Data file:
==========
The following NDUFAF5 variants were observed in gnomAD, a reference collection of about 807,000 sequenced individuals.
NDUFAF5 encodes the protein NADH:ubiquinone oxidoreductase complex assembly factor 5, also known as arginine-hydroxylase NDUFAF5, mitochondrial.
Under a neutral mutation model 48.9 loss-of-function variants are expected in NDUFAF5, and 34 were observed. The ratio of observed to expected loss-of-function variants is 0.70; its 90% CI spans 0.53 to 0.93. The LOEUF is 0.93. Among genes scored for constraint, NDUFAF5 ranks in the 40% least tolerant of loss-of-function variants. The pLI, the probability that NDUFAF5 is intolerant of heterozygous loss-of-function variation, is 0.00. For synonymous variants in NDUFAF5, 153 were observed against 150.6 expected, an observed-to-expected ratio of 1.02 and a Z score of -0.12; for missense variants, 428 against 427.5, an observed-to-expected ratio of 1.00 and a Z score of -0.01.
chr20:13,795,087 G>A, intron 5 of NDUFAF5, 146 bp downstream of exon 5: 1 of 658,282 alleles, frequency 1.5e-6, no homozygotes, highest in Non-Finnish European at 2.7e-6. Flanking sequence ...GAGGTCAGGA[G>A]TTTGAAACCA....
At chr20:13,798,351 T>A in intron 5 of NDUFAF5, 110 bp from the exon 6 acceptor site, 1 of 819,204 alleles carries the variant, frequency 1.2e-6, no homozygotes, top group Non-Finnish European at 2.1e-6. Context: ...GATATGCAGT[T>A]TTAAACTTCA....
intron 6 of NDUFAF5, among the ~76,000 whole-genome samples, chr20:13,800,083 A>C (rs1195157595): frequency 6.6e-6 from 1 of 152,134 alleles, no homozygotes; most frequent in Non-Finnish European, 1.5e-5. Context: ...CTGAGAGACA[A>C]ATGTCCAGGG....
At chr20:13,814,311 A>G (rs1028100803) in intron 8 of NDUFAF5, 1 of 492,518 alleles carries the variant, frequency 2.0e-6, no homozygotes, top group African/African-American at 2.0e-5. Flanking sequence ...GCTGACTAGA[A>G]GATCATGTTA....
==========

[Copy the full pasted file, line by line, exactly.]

The following NDUFAF5 variants were observed in gnomAD, a reference collection of about 807,000 sequenced individuals.
NDUFAF5 encodes the protein NADH:ubiquinone oxidoreductase complex assembly factor 5, also known as arginine-hydroxylase NDUFAF5, mitochondrial.
Under a neutral mutation model 48.9 loss-of-function variants are expected in NDUFAF5, and 34 were observed. The ratio of observed to expected loss-of-function variants is 0.70; its 90% CI spans 0.53 to 0.93. The LOEUF is 0.93. Among genes scored for constraint, NDUFAF5 ranks in the 40% least tolerant of loss-of-function variants. The pLI, the probability that NDUFAF5 is intolerant of heterozygous loss-of-function variation, is 0.00. For synonymous variants in NDUFAF5, 153 were observed against 150.6 expected, an observed-to-expected ratio of 1.02 and a Z score of -0.12; for missense variants, 428 against 427.5, an observed-to-expected ratio of 1.00 and a Z score of -0.01.
chr20:13,795,087 G>A, intron 5 of NDUFAF5, 146 bp downstream of exon 5: 1 of 658,282 alleles, frequency 1.5e-6, no homozygotes, highest in Non-Finnish European at 2.7e-6. Flanking sequence ...GAGGTCAGGA[G>A]TTTGAAACCA....
At chr20:13,798,351 T>A in intron 5 of NDUFAF5, 110 bp from the exon 6 acceptor site, 1 of 819,204 alleles carries the variant, frequency 1.2e-6, no homozygotes, top group Non-Finnish European at 2.1e-6. Context: ...GATATGCAGT[T>A]TTAAACTTCA....
intron 6 of NDUFAF5, among the ~76,000 whole-genome samples, chr20:13,800,083 A>C (rs1195157595): frequency 6.6e-6 from 1 of 152,134 alleles, no homozygotes; most frequent in Non-Finnish European, 1.5e-5. Context: ...CTGAGAGACA[A>C]ATGTCCAGGG....
At chr20:13,814,311 A>G (rs1028100803) in intron 8 of NDUFAF5, 1 of 492,518 alleles carries the variant, frequency 2.0e-6, no homozygotes, top group African/African-American at 2.0e-5. Flanking sequence ...GCTGACTAGA[A>G]GATCATGTTA....